A Starbuck in Seattle

A monument memorializing the arrival of the ship EXACT in Seattle.

This past June, I was excited to attend the first workshop ever offered by NEHGS in Seattle. It was a bit of a drive from my home in Salem, Oregon, but definitely worth it, and the most useful thing I learned was that many older Massachusetts deeds can be browsed free of charge through FamilySearch.org.

I’d hoped one day to revisit the Massachusetts island of Nantucket – where a branch of my family lived for the first two centuries of European settlement – largely to do additional investigation at their Registry of Deeds. The staff there was incredibly helpful when I visited in 2013, but even in the off-season, staying on the island is not exactly cheap, especially with a cross-country flight thrown in. Imagine my joy to discover that I could now do this work from home 24/7!

Speaking of Nantucket, there is a strong connection between that island and the city of Seattle … but it’s not what you may be thinking. People often assume that the Starbuck family, early purchasers and colonizers of Nantucket, founded the coffee company bearing their name, but (sadly for my bank account) this is not true. According to its most pervasive creation myth, the global coffeehouse chain was named for Starbuck, first mate in Herman Melville’s novel Moby Dick.

So what is the connection between Nantucket and Seattle, and why might I care? Back when my grandfather was born in 1906 – shortly after his mother survived the San Francisco earthquake – he was given the name Folger, another old Nantucket name long associated with coffee.

In due course, my father was named Folger Athearn, Jr., and then my brother was given Folger as a middle name. (Naturally I loved to reveal this to his friends, with predictable teasing ensuing.) The only thing my brother and I knew about his torturous name was that it was in honor of some man on the East Coast who had tracked down my great-grandfather in California to bestow a legacy.

Early in my genealogical work, I discovered that Folgers Coffee was founded during the California Gold Rush by a Nantucket native named James Athearn Folger, and that his oldest son went by the name of Athearn Folger.[1] Surely there had to be a connection! As it turned out, however, “our” Mr. Folger’s origins lay in another direction. Thanks to a copy my aunt[2] had of the letter accompanying our ancestor’s legacy, I discovered that Mr. Folger was G. Howland Folger of Boston[3] … the only surviving son of George H. Folger,[4] a native of Nantucket and nephew of my great-great-great-grandmother, Lydia Ramsdell (Starbuck) Athearn.[5]

Click on the Starbuck chart to expand it.

I then happened upon the blog of Andrew Craig Magnuson,[6] describing the schooner Exact, which brought the first white settlers to Seattle. The Exact was owned at the time of this 1851 trip by George H. Folger; his uncle Obed Starbuck (dubbed Nantucket’s “Golden Boy” by historian Nathaniel Philbrick); Henry Coffin, his uncle by marriage; Edward H. Morton, a distant cousin of mine through other branches of my tangled Nantucket family tree; and Captain Isaiah Folger, son of renowned island genius and Congressman Walter Folger.

A few years before its historic voyage, the ship had been owned by my great-great-great-great-grandfather, Levi Starbuck; his grandson, George H. Folger; and his son-in-law, Henry Coffin.[7] I was beyond thrilled to discover that my family’s ship had played a pivotal role in the founding of Seattle! I was also intrigued that all its owners were either named Starbuck, or had close relations by that name … so there really is a Seattle connection to the Starbuck family, but it has nothing to do with coffee.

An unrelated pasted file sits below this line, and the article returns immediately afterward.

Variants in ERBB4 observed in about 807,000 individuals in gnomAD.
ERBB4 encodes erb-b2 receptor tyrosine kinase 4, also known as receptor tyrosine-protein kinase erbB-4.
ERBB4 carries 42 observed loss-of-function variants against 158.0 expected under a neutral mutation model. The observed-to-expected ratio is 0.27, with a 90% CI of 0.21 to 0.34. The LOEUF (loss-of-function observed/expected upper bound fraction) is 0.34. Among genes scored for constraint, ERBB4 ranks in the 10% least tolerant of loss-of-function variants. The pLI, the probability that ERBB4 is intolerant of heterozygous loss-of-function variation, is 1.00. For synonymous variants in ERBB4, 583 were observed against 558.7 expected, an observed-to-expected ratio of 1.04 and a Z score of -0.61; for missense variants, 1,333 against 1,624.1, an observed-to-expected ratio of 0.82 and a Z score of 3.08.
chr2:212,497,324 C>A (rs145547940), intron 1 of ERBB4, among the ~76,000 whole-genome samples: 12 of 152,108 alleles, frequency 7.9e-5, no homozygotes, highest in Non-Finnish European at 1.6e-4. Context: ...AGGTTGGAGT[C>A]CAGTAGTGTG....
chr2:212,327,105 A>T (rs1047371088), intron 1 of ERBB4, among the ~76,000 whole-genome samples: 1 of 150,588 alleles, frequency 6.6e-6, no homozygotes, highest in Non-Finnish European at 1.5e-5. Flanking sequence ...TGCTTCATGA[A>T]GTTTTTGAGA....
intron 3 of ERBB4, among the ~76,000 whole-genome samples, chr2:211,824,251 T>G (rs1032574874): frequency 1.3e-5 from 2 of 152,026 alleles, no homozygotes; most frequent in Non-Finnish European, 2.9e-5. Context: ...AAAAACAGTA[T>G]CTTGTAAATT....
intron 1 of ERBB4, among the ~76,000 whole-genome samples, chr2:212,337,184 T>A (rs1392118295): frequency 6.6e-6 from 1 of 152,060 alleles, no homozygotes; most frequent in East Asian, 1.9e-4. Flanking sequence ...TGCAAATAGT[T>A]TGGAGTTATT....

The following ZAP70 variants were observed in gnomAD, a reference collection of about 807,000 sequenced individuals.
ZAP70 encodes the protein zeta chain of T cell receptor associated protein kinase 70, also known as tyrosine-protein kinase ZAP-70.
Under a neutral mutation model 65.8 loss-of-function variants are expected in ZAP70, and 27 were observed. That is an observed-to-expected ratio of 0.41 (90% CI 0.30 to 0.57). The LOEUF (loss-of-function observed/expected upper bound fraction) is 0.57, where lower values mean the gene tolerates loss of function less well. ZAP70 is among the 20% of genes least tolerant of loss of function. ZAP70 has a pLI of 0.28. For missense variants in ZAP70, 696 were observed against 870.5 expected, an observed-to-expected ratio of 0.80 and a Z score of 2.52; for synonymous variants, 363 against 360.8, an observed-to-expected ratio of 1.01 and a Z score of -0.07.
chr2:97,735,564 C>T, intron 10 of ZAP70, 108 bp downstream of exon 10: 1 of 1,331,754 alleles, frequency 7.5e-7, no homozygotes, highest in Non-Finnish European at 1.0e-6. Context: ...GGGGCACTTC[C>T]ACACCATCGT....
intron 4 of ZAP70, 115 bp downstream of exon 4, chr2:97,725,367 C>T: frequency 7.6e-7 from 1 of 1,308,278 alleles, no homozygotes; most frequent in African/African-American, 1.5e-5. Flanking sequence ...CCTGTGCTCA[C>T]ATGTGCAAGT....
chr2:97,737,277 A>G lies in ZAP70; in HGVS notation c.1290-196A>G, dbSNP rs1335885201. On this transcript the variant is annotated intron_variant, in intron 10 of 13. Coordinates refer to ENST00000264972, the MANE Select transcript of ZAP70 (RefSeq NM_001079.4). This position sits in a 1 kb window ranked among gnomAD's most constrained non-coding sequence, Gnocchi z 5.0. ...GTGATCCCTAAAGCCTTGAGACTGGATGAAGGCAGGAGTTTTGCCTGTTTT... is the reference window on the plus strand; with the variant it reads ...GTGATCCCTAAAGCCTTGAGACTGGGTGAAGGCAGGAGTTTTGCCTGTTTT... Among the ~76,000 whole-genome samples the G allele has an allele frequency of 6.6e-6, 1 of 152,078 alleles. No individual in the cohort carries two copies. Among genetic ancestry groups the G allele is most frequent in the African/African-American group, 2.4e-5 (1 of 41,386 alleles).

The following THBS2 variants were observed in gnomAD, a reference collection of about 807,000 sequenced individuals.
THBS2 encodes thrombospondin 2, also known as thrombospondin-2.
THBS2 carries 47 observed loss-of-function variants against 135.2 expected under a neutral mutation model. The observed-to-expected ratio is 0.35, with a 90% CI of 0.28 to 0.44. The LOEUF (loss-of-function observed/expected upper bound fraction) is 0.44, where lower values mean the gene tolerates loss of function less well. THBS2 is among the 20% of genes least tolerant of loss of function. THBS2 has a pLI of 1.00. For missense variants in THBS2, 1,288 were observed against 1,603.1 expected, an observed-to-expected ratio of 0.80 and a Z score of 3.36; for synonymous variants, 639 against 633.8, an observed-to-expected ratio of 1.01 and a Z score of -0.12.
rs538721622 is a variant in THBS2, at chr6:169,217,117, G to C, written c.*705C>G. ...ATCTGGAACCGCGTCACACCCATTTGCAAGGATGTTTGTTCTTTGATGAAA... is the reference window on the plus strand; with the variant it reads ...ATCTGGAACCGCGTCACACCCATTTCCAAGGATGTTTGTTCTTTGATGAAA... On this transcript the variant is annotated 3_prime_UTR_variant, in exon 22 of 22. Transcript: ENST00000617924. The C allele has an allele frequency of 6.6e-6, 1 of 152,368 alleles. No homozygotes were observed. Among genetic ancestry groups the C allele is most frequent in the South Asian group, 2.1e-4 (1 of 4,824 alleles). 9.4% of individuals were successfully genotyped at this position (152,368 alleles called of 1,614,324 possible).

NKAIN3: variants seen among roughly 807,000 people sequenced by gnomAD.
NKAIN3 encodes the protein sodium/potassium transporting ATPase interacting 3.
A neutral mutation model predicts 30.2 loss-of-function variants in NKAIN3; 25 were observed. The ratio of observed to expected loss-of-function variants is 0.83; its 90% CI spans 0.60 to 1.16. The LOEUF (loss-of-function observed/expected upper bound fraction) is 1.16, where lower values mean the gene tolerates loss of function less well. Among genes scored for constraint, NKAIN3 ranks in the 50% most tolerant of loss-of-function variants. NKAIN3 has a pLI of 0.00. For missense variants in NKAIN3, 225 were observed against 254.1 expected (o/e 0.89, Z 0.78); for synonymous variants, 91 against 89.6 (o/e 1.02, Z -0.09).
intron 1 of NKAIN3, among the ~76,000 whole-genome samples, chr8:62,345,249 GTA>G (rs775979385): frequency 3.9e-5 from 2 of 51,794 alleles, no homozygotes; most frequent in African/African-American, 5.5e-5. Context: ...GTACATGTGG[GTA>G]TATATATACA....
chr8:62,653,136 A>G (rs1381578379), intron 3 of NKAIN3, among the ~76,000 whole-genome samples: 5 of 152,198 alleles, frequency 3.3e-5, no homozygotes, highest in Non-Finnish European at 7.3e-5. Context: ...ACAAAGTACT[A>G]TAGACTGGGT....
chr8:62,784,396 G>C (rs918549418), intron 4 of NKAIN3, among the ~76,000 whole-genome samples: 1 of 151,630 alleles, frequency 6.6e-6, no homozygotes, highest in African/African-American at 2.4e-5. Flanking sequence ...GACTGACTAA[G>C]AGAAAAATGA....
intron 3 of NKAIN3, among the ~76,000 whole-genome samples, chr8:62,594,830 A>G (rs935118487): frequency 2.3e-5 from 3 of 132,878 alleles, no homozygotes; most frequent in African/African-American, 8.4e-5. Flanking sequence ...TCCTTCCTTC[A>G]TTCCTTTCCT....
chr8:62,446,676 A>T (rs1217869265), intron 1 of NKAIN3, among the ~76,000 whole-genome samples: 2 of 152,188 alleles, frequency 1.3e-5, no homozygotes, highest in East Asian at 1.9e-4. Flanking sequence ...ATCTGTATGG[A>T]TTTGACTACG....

As for that Folgers Coffee guy, a red herring,[8] it turns out that he was named for my great-great-great-great-grandfather, James Athearn, a merchant and ship owner, as well as cashier (and later president) of Nantucket’s Pacific Bank.[9]

Before driving home from NEHGS’s Seattle seminar, I visited two monuments commemorating the schooner Exact. One is a granite obelisk on the beach where the ship landed; the other is a Duwamish story pole carved by a descendant of Chief Si’ahl, for whom the city was named. I had only a vague idea where they were located, but eventually I tracked them both down. After all, if my family could navigate uncharted seas, I could surely find two memorials on a small peninsula!


[1] James Athearn Folger (1835–1889) was succeeded in the family business by a son and grandson bearing his name. Another descendant by the same name was born in 1982.

[2] My father’s only sister married a man whose brother is named Peter Folger Herb. It seems that our family is keeping the famously endogamous “Nantucket stew” on a low simmer!

[3] George Howland Folger, Jr. (1857–1924) worked for many years for the Boston & Maine Railroad, finishing his career as assistant general superintendent.

[4] George Howland Folger (1816–1892) represented Nantucket in Massachusetts’s General Court in the early 1850s, then moved to Boston and later Cambridge.

[5] Lydia Ramsdell (Starbuck) Athearn (1813–1889) and her sister Eliza (Starbuck) Coffin (1811–1903) considered and referred to themselves as sisters of George H. Folger, since he was reared in the home of his maternal grandparents following his mother’s death, and they were only a few years older.

[6] http://www.craigmagnuson.com/exact.htm.

[7] Henry Coffin also owned (with his brother) the whaling ship Achushnet, which Herman Melville sailed on; Melville’s experiences on this ship inspired his novels Typee and Moby Dick.